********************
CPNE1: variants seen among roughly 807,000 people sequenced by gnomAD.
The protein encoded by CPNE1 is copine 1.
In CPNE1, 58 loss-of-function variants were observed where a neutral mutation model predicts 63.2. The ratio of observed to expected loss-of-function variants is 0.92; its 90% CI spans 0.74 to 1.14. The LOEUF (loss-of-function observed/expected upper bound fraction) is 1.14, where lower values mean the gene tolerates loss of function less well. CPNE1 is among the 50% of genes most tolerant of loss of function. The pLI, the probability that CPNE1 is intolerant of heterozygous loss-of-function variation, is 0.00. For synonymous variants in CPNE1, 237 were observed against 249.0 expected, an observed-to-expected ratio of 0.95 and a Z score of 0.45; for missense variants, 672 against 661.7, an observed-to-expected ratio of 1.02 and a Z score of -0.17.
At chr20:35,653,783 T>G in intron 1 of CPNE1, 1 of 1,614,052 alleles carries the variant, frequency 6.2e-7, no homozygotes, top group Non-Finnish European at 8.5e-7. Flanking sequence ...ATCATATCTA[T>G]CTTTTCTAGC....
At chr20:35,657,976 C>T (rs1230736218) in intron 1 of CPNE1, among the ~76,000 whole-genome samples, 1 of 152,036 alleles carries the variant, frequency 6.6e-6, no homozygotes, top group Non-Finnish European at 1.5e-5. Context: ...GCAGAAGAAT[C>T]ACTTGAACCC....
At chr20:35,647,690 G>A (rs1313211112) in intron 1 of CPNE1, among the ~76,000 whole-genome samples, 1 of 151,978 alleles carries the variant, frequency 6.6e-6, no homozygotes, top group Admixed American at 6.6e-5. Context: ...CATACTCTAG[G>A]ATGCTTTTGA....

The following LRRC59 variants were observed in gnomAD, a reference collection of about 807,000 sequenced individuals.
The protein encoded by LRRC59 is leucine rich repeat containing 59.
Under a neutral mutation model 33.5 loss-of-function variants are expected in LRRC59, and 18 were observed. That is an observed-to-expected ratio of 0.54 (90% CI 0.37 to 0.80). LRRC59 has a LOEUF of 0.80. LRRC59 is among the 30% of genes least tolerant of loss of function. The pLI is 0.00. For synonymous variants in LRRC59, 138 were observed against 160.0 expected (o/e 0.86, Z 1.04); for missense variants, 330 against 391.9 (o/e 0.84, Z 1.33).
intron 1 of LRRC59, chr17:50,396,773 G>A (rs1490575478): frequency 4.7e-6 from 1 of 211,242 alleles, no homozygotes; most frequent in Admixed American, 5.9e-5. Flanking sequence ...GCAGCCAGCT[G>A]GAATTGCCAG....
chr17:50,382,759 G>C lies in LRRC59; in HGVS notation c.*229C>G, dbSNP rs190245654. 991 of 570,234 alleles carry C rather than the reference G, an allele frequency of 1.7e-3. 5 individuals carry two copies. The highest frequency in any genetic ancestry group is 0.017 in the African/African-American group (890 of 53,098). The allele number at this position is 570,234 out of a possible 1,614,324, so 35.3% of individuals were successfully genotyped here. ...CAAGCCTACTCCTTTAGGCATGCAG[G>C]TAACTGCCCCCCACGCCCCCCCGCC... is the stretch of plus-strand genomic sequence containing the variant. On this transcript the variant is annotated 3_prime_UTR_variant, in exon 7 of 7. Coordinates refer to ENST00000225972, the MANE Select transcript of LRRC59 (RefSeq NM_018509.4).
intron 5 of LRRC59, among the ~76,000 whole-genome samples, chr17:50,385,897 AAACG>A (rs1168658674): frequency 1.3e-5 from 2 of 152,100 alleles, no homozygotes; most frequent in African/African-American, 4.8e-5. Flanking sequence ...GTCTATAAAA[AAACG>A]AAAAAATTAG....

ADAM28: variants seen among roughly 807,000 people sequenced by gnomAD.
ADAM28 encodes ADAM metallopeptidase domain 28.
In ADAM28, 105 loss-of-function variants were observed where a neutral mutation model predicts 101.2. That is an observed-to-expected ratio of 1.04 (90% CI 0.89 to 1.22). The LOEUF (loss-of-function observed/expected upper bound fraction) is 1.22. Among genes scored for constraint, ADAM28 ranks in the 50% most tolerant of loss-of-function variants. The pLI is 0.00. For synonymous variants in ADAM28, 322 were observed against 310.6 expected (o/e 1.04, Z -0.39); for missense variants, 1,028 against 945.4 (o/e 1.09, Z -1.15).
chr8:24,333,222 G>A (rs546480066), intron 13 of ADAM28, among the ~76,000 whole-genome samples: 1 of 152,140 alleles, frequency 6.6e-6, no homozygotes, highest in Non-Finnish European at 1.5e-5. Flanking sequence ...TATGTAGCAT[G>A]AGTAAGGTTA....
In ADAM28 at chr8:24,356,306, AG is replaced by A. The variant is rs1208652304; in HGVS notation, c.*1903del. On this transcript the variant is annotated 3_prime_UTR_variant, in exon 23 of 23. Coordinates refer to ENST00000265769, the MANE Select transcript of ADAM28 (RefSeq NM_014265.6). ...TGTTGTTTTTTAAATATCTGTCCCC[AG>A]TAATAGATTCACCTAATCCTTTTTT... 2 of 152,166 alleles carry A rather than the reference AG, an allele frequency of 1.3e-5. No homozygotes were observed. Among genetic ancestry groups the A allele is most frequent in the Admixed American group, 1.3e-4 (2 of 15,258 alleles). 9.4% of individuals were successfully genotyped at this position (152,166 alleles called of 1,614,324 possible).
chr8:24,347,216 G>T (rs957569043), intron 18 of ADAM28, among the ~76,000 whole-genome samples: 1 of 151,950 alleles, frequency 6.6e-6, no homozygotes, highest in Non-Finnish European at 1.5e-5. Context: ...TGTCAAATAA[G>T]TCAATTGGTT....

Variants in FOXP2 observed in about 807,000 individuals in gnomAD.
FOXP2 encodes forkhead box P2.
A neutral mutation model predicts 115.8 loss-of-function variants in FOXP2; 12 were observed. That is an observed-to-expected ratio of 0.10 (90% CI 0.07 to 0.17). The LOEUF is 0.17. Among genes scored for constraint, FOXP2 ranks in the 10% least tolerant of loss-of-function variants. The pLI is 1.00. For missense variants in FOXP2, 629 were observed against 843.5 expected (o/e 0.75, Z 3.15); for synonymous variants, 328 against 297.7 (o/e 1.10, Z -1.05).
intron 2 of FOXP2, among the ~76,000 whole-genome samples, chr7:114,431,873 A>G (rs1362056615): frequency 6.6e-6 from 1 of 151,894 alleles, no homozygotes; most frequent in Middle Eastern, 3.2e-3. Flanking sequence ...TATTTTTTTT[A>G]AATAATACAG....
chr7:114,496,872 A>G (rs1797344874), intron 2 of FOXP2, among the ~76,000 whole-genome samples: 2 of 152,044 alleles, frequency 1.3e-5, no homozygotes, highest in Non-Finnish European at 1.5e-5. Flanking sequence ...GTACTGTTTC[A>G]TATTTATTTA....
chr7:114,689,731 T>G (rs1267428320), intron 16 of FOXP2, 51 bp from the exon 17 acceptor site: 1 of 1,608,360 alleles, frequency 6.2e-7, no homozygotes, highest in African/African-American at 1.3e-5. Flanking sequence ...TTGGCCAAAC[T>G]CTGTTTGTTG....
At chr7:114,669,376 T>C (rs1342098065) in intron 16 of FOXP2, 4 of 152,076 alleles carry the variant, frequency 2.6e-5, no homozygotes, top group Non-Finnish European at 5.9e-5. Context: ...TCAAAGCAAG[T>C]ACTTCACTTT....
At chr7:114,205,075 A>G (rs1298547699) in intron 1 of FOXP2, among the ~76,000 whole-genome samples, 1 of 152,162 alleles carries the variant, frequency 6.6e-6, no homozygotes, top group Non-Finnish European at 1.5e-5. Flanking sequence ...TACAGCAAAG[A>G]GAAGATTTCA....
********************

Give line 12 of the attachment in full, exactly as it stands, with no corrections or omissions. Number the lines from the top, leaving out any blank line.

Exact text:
intron 5 of LRRC59, among the ~76,000 whole-genome samples, chr17:50,385,897 AAACG>A (rs1168658674): frequency 1.3e-5 from 2 of 152,100 alleles, no homozygotes; most frequent in African/African-American, 4.8e-5. Flanking sequence ...GTCTATAAAA[AAACG>A]AAAAAATTAG....